United Nations News Centre (UNNC)
Marking the 26th anniversary of the worst nuclear power plant accident in history, Secretary-General Ban Ki-moon today called on the international community to generously support Chernobyl-affected regions as they continue their efforts towards recovery and normalcy.
One year ago, Mr. Ban became the first United Nations Secretary-General to visit the Chernobyl site, witnessing first hand the “great resilience” being demonstrated by the people affected by the explosion that occurred at the plant in Ukraine in 1986.
“On this occasion, we remember the hundreds of emergency workers who risked their lives in responding to the accident; the more than 330,000 people who were evacuated from surrounding areas with little hope of return; the thousands of children who later contracted thyroid cancer; and the six million people still living in the affected areas of Belarus, the Russian Federation and Ukraine,” said a statement issued by the Secretary-General’s spokesperson.
“As we pay our respects to the past, we also need to take stock and look ahead,” it added.
The statement noted that the UN is fully committed to the Decade of Recovery and Sustainable Development, proclaimed by the General Assembly for 2006-2016, and to the UN Action Plan on Chernobyl, which contains a declaration of principles embraced by all UN agencies involved in recovery efforts.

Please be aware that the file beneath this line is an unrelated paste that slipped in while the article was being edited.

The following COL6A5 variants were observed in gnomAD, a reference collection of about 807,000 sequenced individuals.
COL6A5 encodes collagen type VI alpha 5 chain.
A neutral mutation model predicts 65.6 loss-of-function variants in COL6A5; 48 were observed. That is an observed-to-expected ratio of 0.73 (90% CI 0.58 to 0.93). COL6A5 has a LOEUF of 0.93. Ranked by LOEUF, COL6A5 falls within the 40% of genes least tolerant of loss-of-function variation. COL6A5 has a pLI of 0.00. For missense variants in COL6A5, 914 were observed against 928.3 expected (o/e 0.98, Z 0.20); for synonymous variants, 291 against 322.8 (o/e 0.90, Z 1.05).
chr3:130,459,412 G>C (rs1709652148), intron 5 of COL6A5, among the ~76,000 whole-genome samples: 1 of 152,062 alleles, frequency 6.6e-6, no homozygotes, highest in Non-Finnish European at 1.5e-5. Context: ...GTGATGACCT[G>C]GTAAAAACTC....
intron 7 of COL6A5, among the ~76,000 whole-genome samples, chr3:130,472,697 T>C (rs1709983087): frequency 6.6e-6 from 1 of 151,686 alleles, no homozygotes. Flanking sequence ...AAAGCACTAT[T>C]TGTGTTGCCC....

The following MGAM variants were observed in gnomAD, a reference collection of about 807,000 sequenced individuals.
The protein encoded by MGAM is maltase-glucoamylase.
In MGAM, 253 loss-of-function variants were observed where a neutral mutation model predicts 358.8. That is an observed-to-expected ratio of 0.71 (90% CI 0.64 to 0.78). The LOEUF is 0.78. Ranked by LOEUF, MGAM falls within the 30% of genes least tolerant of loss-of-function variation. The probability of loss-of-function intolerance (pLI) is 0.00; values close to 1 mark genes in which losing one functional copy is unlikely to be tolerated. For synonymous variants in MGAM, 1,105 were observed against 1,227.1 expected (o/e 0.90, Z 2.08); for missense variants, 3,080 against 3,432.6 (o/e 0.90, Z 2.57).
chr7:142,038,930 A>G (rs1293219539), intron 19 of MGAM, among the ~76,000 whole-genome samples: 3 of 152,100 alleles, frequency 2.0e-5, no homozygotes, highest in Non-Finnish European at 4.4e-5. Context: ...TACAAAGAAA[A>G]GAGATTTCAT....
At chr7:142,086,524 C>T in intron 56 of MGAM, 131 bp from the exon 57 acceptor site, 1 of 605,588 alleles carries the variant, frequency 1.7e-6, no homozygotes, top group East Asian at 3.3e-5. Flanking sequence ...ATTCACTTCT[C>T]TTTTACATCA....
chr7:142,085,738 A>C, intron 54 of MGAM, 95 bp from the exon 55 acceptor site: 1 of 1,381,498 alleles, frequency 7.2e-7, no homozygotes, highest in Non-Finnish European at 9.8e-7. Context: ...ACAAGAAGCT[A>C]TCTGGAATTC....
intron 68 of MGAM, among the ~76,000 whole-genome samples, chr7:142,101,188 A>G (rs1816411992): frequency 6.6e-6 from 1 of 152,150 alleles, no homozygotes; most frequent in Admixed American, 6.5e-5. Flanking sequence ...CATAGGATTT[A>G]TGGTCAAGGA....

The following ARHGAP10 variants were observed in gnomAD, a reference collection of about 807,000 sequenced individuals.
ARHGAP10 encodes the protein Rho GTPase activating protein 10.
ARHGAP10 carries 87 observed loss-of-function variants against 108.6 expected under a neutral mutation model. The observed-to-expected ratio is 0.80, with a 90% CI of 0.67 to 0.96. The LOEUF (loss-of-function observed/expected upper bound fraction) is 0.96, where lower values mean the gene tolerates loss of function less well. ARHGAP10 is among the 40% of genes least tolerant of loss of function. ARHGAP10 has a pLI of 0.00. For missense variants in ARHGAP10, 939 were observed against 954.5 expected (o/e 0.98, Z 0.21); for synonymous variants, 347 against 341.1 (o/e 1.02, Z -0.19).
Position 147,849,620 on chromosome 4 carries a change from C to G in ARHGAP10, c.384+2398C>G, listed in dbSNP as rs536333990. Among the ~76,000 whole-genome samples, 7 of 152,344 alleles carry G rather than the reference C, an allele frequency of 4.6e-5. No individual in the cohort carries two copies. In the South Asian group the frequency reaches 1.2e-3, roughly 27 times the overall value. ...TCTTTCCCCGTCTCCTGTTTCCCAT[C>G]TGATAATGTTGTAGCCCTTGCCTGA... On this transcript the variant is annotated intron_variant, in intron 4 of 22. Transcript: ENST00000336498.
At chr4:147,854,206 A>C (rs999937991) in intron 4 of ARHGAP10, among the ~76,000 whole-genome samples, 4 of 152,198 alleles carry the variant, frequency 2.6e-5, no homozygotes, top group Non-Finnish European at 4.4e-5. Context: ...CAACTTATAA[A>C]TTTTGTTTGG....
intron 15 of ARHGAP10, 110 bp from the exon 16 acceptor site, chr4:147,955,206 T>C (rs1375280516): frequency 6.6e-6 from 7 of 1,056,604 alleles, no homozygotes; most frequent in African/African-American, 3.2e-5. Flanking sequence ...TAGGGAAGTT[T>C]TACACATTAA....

The Action Plan emphasizes social and economic development and the promotion of healthy lifestyles and community self-reliance.
“In the remaining years of the Decade, the focus will be on helping the targeted communities adapt to the conditions in which they are living,” said the statement.
It added that the urgency of strengthening the global nuclear safety regime was underscored by the nuclear accident at the Fukushima nuclear power plant in Japan last year.
Following what he described as an “extremely moving” visit to the Chernobyl site last April, Mr. Ban stressed the need to overcome perceptions that the affected region in the three countries “is poisoned forever” and to instead start a “new chapter, with new understanding.”
“Science has shown that normal life is fully possible for most people living in area affected by the Chernobyl disaster,” he added. “What these areas need most is recovery and development: new jobs, fresh investment, the restoration of a sense of community.”